Welcome back to this feature that we started on Sundays during Lent. I’m thinking we’ll take a road trip about once a month now. So, make sure your seat belts are fastened — Hey, everyone went to the bathroom already, right? Good, because it’s time to hit the road.
This week, Gail and I will head to Chicago for our annual spring trip to hear our son’s jazz concert at North Park University (note: news to come about NPU in this post). So I thought we would illustrate today’s trip through what I’m reading, watching and hearing by focusing on some of the more unusual landmarks around my home town Chicago, the windy city, the city of broad shoulders (and less-than-full trophy cases).
As of Saturday evening as I write, the Cubs are 7-13, the White Sox are 10-10, the Blackhawks have been eliminated from the NHL playoffs, and the Bears’ season is months away. However, no other Chicago sports fan disappointment this year can compare with what happened on the basketball court today when MVP Derrick Rose tore his ACL in the Bulls’ opening game of the NBA playoffs. Everybody now: “Nobody knows the trouble I’ve seen…”
In spite of the Bulls’ bad news, you should still check out Mockingbird’s unique take on the playoffs. I mean, who else would tell you that “Joakim Noah is the living embodiment of the theology of the cross”?
Back to the subject of travel… Christian family? Planning a trip to Disney? Alert fellow-blogger Matthew Paul Turner found the perfect family-friendly devotional you and your crew need for your next visit to the land of dreams. On July 12, you can have your very own copy of The Family Devotional Guide to Disneyland Park and Magic Kingdom Park, by Jeffrey S. Berger. As the book’s website says, “Family members of all ages will delight in this unique devotional guide. Don’t get bored waiting in line for the next ride or attraction—get connected!” So, we’re going to have devotions while waiting in line now? Wow, I hope it comes with a waterproof cover for the splash rides.
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In a New York Times opinion piece, Gil Troy reminds us that “Culture Warriors Don’t Win.” This informative article looks back at the history of how Republicans have won elections, and concludes, “Republican voters have rejected culture wars and fanaticism in presidential campaigns repeatedly – they know culture warriors don’t win. Despite the talk about the rightward lurch of their party, a majority of Republicans have learned Reagan’s central political lesson. A Republican candidate can only win by wooing the center, and a president must govern as a national leader, not a factional chief or a cultural crusader.”
Troy looks at what Mitt Romney is doing to follow this course, but warns that, though culture warriors don’t win, they do have the capacity to undermine centrist candidates in their efforts to triumph in presidential elections.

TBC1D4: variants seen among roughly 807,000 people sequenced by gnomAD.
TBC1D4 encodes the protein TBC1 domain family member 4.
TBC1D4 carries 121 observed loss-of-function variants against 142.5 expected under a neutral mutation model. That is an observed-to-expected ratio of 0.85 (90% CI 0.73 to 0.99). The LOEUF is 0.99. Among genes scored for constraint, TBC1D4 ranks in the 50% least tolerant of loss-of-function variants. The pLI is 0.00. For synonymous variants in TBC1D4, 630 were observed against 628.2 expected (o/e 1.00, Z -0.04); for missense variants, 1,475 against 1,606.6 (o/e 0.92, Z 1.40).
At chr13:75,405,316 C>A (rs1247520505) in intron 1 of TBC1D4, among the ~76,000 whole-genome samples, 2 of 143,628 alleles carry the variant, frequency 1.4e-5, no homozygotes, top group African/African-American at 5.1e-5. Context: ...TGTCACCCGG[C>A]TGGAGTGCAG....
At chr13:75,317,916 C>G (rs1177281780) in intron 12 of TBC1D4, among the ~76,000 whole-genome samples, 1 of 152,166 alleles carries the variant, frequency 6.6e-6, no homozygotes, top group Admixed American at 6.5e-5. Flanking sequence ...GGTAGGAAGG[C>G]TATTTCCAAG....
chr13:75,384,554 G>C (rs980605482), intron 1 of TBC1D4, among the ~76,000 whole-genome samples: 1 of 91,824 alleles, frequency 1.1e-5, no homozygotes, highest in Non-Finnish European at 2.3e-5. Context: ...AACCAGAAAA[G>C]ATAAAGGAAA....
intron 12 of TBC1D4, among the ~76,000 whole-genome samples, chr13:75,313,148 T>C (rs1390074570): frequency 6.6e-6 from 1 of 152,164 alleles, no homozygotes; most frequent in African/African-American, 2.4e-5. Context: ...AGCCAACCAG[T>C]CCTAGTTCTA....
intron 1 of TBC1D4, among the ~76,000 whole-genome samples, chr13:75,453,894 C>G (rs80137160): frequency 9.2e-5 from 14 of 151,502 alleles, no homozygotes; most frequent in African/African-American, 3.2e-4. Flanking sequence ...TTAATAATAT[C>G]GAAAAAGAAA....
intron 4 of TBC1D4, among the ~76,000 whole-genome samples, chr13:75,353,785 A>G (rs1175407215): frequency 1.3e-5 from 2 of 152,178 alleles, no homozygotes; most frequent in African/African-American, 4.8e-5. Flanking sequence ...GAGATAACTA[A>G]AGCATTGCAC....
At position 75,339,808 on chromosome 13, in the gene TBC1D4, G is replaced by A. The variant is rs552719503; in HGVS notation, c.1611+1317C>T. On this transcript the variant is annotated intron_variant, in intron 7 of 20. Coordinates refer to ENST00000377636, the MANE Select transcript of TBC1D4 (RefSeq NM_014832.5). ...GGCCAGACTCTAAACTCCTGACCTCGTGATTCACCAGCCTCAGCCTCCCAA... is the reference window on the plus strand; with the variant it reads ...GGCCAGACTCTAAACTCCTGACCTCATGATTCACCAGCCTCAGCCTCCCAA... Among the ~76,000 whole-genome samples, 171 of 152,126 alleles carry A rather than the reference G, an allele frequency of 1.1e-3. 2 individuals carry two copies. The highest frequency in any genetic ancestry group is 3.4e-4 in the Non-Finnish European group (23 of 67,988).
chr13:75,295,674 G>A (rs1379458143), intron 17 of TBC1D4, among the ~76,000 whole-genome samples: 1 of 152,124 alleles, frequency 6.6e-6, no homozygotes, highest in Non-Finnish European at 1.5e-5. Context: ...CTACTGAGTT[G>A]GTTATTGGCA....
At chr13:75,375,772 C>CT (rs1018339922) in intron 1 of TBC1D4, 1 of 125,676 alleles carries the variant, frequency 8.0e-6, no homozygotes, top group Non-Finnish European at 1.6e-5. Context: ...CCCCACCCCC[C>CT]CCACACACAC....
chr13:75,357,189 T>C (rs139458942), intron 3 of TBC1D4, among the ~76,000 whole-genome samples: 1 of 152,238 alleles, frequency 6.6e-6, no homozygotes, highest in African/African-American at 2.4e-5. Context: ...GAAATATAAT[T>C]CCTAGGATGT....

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Paul Burkhart answers an email asking why he “hates” Mark Driscoll so much. He writes, “I don’t actually hate him. I love him dearly, but my heart breaks over some things about how he conducts himself and his ministry.” He makes an insight worth considering: that Mark Driscoll may be better at creating a culture than making disciples.
Burkhart suggests the “New Reformed” as a whole need a reformation, primarily because of the tendency of many in the movement “to put every ‘pet’ doctrine and idea under the heading of ‘the Gospel’, therefore making it non-negotiable, necessary for sound thinking, and unchallengeable lest the Gospel itself be defiled and fall.’
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Now, for the big news from North Park University (where my son attends and where we will be visiting later this week) — good friend Scot McKnight has announced he is saying farewell to NPU and saying hello to Northern Seminary, where he will take a position as Professor of New Testament.
For those who don’t know my connection with McKnight, a bit of background. Scot was a young professor at Trinity Evangelical Divinity School in Deerfield, IL when I attended seminary there in the 1980’s. He worked closely with one of my primary NT professors, Grant Osborne, and though I didn’t have any full courses with Scot, I had him when he filled in for Grant. We reconnected through the blogging world when I began reading Jesus Creed, and one of the first things I did when starting to write for Internet Monk was go to him for advice. Not only do we share in common our Trinity experience, faith, love for Biblical studies and the church, and blogging, we are both die-hard Cubs fans, have coached our kids in baseball, and love to drink coffee (he is much more of a connoisseur than I).
I talked to Scot this week and wished him the very best in his next endeavor. I, for one, am grateful that he will be staying in the Chicago area, and I’m looking forward to having coffee with him again soon, hearing about his new situation, and talking shop.
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Finally, I continue to be impressed with the content that is being catalogued on the BioLogos website to help Christians understand and work through the intersection of science and faith issues. For instance, if you would like a good basic education on the basics of the theory of evolution, you should take the time to work through Dennis Venema’s series, “Understanding Evolution.” This group of posts focuses on “aspects of evolution that are commonly misunderstood in the Christian community.” Venema is an associate professor and department chair for the biology department of Trinity Western University in Langley, British Columbia, Canada’s largest independent, Christian liberal arts institution.